It’s been 101 days since Ed Tarvin, my best friend since the ninth grade, died during emergency heart surgery in Fayetteville, Ark.
He felt something because he texted me about 2:30 a.m. to ask if I was up. I returned the text about 45 minutes later, and he responded within two minutes. It was another text, urging me, “don’t panic. being transported to wash regional hospital er. heart attack check think not. just being careful. will keep you informed.”
A couple more assured me that he wasn’t worried because the nurses didn’t seem worried. Later he said he was being admitted for test and that he’d call me after he saw a heart doctor. His oldest daughter called me around mid-day to tell me that he was having surgery. I completed errands and headed for Fayetteville.
Doctors went in to try to repair a distended aortic valve, but when they took Ed off bypass, the valve ruptured again. Daughter Amy called me to give me the news when I was about 30 miles from the hospitaL
I’d known him for two years before we became close while playing Babe Ruth league baseball at Little Oaks Ballpark in Mabelvale. So we had a 45-year run … but it still hurts.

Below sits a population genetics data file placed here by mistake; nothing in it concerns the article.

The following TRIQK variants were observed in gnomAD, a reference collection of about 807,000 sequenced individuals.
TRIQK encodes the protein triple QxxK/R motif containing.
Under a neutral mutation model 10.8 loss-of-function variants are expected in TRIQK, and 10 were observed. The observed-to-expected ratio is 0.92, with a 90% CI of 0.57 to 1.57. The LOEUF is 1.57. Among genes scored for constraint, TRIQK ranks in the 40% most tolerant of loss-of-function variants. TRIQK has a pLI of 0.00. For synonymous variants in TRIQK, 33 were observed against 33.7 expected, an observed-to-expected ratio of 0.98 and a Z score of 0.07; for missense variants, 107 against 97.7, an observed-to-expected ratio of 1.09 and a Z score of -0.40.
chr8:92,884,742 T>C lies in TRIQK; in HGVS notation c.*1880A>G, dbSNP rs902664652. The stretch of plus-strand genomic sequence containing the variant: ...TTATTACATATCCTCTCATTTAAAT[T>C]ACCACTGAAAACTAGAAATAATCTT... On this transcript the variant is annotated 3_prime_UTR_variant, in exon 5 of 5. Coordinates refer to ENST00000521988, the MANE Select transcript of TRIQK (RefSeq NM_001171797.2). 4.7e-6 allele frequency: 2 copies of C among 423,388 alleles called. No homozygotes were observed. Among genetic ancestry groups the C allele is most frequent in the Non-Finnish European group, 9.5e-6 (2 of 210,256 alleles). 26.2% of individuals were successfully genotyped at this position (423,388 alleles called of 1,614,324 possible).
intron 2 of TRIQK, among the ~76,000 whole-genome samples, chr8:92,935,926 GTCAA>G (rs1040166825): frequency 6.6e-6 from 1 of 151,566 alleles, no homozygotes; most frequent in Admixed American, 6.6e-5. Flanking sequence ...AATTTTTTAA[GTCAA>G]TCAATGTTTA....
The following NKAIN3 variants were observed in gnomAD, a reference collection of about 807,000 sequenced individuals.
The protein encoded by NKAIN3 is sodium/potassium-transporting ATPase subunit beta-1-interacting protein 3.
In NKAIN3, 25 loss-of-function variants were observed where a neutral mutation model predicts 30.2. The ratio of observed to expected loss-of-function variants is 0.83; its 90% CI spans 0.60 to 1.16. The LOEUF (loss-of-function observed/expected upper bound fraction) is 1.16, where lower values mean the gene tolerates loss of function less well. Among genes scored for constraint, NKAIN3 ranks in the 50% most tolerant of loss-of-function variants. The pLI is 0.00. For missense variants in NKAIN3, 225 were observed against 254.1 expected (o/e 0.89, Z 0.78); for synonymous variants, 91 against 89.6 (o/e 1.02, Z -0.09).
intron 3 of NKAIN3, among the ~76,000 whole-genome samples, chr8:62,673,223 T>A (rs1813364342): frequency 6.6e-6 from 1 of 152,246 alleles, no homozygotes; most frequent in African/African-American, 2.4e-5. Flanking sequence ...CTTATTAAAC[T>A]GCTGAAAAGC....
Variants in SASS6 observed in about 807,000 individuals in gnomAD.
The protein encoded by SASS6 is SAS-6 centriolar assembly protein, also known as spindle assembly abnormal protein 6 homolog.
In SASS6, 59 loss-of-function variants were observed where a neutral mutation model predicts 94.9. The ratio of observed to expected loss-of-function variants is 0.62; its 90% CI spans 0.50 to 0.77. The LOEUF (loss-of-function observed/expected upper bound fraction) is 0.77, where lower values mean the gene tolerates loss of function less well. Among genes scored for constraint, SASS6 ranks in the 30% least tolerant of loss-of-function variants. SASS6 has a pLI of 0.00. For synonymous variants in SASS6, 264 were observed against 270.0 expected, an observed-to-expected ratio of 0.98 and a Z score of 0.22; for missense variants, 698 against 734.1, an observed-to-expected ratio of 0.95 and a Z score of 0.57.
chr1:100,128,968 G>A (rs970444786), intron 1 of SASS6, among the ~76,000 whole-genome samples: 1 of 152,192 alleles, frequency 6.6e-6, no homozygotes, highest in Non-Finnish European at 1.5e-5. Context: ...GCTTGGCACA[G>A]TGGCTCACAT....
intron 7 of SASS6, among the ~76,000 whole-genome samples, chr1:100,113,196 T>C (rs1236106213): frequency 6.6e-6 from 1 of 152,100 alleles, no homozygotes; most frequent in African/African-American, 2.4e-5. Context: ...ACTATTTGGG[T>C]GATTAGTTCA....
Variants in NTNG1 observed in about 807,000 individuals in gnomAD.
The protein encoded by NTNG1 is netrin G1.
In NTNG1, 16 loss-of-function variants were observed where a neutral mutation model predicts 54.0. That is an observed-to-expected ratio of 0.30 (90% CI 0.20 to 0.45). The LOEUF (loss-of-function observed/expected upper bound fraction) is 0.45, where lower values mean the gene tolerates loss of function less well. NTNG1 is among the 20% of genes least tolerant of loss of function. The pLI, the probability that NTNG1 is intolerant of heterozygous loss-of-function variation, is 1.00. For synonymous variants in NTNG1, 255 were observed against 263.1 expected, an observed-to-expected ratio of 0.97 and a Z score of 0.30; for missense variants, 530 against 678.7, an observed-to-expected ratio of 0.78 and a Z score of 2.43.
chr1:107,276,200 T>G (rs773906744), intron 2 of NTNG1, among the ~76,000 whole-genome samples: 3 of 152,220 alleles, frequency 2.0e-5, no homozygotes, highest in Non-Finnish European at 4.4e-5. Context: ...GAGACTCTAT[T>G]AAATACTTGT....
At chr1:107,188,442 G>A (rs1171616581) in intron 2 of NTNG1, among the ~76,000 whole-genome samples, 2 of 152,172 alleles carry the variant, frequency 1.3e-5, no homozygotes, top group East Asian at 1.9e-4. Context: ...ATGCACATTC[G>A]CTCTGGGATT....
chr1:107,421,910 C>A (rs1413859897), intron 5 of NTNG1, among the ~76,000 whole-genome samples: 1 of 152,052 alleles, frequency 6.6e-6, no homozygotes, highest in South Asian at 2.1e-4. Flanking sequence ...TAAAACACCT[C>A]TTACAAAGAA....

We stayed in touch through moves to different states, marriages, divorces and children. With technology offering easy access, however, we had talked, texted and e-mailed even more in the past year. Because of that increased contact, the past three months have required an adjustment on my part.
Though it seems like such an experience should feel strange, I still hear him laugh when I do something goofy, or forget a name that I would have called and asked him about. Maybe it’s my mind making those adjustments, but those occasional laughs feel natural.
I’ll take them, anyway.